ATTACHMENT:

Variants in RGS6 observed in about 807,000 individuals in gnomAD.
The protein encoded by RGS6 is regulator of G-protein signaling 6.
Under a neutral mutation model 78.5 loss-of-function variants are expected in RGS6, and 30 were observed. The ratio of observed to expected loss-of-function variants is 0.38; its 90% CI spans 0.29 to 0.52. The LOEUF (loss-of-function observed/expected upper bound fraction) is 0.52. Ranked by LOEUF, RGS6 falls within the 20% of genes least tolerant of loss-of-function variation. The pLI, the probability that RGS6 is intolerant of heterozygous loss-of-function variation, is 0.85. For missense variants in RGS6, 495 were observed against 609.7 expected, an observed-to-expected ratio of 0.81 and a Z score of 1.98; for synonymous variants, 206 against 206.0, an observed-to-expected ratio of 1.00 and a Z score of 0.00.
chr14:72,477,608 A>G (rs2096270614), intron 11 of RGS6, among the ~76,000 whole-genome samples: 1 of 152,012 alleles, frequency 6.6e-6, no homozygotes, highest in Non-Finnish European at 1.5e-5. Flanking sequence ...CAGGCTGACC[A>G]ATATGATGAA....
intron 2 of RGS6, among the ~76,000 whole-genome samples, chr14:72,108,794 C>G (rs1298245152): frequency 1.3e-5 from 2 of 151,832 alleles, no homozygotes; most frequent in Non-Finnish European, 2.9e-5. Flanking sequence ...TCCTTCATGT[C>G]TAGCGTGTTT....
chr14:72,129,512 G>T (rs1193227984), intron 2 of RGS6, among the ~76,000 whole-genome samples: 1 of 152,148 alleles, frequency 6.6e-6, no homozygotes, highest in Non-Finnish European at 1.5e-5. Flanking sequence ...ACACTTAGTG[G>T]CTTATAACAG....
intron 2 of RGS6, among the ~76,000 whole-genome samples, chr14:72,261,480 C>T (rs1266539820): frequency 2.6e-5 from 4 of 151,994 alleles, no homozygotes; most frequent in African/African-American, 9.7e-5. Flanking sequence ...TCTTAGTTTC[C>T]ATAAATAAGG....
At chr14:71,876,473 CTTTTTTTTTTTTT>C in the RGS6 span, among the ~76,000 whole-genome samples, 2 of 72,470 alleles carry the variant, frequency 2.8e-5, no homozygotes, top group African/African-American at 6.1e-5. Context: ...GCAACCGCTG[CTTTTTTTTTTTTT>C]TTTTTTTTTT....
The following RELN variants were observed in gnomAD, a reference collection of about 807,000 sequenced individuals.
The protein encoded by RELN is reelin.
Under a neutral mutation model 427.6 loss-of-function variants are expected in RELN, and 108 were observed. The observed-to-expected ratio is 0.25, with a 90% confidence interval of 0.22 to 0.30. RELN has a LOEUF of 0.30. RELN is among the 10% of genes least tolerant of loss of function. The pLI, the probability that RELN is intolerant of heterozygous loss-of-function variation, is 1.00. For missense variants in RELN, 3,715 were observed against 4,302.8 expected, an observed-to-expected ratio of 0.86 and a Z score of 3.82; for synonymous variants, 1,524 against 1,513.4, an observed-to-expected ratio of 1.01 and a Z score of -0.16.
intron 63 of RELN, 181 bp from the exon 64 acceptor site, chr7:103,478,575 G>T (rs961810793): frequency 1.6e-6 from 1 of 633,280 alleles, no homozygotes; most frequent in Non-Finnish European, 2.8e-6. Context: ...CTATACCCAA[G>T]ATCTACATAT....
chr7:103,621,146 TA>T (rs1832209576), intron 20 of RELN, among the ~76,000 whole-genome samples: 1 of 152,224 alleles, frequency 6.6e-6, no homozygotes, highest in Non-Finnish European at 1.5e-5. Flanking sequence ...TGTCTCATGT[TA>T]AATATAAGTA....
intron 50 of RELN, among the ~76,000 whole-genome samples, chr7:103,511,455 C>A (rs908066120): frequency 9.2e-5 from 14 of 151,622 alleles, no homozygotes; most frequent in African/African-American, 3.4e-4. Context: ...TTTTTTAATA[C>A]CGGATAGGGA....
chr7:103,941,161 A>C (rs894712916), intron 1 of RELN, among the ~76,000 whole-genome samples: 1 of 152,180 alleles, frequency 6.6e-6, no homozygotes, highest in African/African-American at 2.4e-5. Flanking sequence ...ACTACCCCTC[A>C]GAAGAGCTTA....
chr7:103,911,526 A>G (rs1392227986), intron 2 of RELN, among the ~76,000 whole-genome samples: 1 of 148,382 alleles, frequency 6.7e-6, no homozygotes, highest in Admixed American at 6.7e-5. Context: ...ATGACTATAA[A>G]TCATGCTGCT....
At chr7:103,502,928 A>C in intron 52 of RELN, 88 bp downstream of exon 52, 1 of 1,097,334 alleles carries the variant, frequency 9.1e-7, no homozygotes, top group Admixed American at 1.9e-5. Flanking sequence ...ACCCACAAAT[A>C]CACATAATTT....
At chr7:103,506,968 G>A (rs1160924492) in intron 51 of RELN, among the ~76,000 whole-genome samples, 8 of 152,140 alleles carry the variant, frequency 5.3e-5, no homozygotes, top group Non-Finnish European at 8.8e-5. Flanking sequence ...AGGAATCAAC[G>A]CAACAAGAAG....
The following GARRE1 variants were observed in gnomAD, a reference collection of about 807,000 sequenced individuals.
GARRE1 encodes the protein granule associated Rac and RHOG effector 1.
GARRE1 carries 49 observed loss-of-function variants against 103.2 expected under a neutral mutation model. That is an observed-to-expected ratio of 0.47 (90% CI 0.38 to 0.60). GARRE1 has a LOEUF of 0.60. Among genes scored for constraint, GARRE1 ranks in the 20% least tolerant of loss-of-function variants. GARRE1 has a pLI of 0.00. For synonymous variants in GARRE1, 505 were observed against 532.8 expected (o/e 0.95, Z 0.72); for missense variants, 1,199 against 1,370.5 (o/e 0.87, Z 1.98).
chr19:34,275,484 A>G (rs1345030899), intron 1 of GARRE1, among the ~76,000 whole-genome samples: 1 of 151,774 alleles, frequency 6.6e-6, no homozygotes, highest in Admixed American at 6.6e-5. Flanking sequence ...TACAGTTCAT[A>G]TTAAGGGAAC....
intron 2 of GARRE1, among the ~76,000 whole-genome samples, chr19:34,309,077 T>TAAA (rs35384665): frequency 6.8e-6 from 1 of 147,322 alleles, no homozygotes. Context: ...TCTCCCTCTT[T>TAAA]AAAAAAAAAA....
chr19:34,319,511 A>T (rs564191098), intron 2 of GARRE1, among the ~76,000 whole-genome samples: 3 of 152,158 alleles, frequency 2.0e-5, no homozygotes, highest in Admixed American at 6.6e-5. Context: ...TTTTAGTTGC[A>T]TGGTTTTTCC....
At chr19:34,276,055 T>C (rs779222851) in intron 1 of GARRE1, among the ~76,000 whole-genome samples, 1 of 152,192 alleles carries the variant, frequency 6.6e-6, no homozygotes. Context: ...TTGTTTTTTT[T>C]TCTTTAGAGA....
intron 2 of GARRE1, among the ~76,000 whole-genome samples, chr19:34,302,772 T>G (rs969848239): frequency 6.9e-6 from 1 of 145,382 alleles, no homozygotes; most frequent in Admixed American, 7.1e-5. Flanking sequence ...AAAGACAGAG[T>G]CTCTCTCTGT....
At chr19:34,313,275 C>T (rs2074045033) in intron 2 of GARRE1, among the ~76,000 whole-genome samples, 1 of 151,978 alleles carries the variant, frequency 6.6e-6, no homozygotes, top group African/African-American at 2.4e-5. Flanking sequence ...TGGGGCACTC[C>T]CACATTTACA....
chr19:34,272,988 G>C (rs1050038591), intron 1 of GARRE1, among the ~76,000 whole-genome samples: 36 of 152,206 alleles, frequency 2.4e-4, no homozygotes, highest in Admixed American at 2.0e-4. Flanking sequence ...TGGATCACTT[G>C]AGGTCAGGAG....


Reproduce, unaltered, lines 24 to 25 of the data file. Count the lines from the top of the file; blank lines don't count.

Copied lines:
chr19:34,319,511 A>T (rs564191098), intron 2 of GARRE1, among the ~76,000 whole-genome samples: 3 of 152,158 alleles, frequency 2.0e-5, no homozygotes, highest in Admixed American at 6.6e-5. Context: ...TTTTAGTTGC[A>T]TGGTTTTTCC....
At chr19:34,276,055 T>C (rs779222851) in intron 1 of GARRE1, among the ~76,000 whole-genome samples, 1 of 152,192 alleles carries the variant, frequency 6.6e-6, no homozygotes. Context: ...TTGTTTTTTT[T>C]TCTTTAGAGA....